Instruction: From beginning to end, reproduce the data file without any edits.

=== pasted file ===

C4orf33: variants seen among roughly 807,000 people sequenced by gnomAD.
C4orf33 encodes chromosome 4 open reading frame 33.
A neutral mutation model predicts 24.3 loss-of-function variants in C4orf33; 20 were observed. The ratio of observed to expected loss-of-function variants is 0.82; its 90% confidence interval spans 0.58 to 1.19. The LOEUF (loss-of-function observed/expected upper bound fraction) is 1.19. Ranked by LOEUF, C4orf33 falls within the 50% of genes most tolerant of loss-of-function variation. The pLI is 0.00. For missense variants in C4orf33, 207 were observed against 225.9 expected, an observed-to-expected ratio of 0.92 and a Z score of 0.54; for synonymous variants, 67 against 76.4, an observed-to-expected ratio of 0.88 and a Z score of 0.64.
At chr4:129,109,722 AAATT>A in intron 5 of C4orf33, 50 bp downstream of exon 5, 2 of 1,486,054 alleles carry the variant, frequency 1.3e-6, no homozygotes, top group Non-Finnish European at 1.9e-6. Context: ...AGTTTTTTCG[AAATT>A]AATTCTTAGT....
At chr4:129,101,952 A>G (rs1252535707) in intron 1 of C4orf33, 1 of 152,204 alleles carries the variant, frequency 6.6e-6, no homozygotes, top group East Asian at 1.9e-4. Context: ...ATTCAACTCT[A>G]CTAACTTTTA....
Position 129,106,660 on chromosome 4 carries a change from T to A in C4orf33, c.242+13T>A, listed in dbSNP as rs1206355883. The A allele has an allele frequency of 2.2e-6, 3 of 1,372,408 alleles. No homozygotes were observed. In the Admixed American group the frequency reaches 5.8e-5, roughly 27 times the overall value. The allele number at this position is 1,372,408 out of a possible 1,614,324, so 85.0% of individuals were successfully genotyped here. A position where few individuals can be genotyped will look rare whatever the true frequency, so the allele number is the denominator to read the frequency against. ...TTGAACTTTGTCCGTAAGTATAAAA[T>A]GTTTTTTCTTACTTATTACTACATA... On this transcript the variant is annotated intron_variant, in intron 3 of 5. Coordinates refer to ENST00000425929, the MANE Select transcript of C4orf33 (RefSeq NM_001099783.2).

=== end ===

C4orf33: variants seen among roughly 807,000 people sequenced by gnomAD.
C4orf33 encodes chromosome 4 open reading frame 33.
A neutral mutation model predicts 24.3 loss-of-function variants in C4orf33; 20 were observed. The ratio of observed to expected loss-of-function variants is 0.82; its 90% confidence interval spans 0.58 to 1.19. The LOEUF (loss-of-function observed/expected upper bound fraction) is 1.19. Ranked by LOEUF, C4orf33 falls within the 50% of genes most tolerant of loss-of-function variation. The pLI is 0.00. For missense variants in C4orf33, 207 were observed against 225.9 expected, an observed-to-expected ratio of 0.92 and a Z score of 0.54; for synonymous variants, 67 against 76.4, an observed-to-expected ratio of 0.88 and a Z score of 0.64.
At chr4:129,109,722 AAATT>A in intron 5 of C4orf33, 50 bp downstream of exon 5, 2 of 1,486,054 alleles carry the variant, frequency 1.3e-6, no homozygotes, top group Non-Finnish European at 1.9e-6. Context: ...AGTTTTTTCG[AAATT>A]AATTCTTAGT....
At chr4:129,101,952 A>G (rs1252535707) in intron 1 of C4orf33, 1 of 152,204 alleles carries the variant, frequency 6.6e-6, no homozygotes, top group East Asian at 1.9e-4. Context: ...ATTCAACTCT[A>G]CTAACTTTTA....
Position 129,106,660 on chromosome 4 carries a change from T to A in C4orf33, c.242+13T>A, listed in dbSNP as rs1206355883. The A allele has an allele frequency of 2.2e-6, 3 of 1,372,408 alleles. No homozygotes were observed. In the Admixed American group the frequency reaches 5.8e-5, roughly 27 times the overall value. The allele number at this position is 1,372,408 out of a possible 1,614,324, so 85.0% of individuals were successfully genotyped here. A position where few individuals can be genotyped will look rare whatever the true frequency, so the allele number is the denominator to read the frequency against. ...TTGAACTTTGTCCGTAAGTATAAAA[T>A]GTTTTTTCTTACTTATTACTACATA... On this transcript the variant is annotated intron_variant, in intron 3 of 5. Coordinates refer to ENST00000425929, the MANE Select transcript of C4orf33 (RefSeq NM_001099783.2).